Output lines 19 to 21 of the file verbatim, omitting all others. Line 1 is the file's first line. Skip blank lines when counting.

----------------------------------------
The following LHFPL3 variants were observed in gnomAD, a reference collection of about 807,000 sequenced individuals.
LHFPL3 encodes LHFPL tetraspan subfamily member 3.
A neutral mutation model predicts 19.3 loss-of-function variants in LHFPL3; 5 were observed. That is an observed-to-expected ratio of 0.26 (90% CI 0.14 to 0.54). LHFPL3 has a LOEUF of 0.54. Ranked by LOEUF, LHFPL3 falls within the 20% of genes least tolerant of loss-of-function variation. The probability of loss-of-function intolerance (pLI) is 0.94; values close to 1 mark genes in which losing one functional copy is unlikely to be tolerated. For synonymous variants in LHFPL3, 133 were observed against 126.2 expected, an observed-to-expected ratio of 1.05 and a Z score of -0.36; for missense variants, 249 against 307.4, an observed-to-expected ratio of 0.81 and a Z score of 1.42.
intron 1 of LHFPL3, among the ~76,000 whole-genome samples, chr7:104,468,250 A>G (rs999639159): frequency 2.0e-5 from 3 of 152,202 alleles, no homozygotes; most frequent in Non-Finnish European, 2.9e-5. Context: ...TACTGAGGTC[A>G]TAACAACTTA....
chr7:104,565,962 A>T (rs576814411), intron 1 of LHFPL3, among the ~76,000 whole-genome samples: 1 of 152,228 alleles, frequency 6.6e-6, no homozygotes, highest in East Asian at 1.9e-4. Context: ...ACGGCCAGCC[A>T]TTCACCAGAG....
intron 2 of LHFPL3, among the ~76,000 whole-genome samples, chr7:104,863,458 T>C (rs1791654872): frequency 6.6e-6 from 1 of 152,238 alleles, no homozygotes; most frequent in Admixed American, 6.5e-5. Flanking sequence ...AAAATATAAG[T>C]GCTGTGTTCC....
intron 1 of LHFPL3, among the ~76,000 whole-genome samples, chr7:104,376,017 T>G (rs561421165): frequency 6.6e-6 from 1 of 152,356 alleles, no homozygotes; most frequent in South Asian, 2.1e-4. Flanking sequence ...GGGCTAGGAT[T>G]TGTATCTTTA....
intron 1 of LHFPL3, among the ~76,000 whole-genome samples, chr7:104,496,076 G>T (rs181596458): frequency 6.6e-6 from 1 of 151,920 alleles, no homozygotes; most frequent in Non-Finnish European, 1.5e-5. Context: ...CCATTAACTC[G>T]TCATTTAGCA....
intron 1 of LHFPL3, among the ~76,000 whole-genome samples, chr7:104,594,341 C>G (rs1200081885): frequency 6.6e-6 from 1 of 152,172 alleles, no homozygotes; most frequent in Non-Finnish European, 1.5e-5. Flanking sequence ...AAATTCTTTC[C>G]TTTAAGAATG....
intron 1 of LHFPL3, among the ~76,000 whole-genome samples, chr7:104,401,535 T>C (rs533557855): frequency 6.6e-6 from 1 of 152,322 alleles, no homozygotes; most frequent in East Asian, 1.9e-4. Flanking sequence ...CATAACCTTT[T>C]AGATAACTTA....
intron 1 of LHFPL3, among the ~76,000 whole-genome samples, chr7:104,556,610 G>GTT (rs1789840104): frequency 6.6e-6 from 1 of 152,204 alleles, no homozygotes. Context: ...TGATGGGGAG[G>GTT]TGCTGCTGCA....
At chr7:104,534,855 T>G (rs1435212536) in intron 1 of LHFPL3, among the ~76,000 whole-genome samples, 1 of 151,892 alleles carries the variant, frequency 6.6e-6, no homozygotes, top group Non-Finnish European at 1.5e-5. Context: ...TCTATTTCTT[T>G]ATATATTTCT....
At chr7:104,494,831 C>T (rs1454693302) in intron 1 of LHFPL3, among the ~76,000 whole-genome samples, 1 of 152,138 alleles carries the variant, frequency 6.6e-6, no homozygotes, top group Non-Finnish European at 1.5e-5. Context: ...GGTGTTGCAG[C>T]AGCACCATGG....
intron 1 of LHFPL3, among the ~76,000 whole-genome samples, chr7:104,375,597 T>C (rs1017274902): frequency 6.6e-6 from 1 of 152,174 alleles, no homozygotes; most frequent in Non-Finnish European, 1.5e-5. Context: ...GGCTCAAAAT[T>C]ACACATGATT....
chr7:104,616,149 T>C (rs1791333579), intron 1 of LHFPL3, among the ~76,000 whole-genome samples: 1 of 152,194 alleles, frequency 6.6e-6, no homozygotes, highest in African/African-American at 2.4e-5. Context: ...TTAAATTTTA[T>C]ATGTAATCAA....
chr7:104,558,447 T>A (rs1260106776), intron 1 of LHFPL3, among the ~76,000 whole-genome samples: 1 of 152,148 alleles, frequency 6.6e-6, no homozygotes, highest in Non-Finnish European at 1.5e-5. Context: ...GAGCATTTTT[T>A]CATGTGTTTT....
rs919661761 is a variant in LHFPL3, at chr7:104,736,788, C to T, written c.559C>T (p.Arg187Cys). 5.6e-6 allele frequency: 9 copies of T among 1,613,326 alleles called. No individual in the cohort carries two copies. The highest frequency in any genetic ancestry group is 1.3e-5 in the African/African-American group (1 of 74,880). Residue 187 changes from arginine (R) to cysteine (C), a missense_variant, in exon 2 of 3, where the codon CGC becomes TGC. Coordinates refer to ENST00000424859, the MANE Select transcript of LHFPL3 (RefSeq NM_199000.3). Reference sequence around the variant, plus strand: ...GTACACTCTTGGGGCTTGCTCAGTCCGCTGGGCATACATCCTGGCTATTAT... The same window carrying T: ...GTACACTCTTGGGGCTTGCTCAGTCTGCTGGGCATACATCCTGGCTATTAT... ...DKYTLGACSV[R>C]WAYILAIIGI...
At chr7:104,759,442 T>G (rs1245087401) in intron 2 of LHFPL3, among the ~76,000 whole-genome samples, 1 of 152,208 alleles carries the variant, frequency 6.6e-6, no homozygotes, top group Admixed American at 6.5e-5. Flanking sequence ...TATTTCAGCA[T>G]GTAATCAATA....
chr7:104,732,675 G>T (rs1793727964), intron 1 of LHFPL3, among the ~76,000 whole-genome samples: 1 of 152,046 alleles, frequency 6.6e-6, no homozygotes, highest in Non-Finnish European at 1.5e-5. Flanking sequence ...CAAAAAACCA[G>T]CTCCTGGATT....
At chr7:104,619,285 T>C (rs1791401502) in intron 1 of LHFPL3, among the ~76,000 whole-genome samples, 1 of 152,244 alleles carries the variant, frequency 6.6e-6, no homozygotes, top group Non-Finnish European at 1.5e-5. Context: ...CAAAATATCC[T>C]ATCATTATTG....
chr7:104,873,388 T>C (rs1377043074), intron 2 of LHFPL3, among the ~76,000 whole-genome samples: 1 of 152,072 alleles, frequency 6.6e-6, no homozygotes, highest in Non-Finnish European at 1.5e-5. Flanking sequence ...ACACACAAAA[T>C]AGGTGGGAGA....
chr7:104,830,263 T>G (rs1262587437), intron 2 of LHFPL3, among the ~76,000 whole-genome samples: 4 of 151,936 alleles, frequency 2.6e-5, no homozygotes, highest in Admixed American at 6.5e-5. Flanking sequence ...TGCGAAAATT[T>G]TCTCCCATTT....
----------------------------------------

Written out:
chr7:104,732,675 G>T (rs1793727964), intron 1 of LHFPL3, among the ~76,000 whole-genome samples: 1 of 152,046 alleles, frequency 6.6e-6, no homozygotes, highest in Non-Finnish European at 1.5e-5. Flanking sequence ...CAAAAAACCA[G>T]CTCCTGGATT....
At chr7:104,619,285 T>C (rs1791401502) in intron 1 of LHFPL3, among the ~76,000 whole-genome samples, 1 of 152,244 alleles carries the variant, frequency 6.6e-6, no homozygotes, top group Non-Finnish European at 1.5e-5. Context: ...CAAAATATCC[T>C]ATCATTATTG....
chr7:104,873,388 T>C (rs1377043074), intron 2 of LHFPL3, among the ~76,000 whole-genome samples: 1 of 152,072 alleles, frequency 6.6e-6, no homozygotes, highest in Non-Finnish European at 1.5e-5. Flanking sequence ...ACACACAAAA[T>C]AGGTGGGAGA....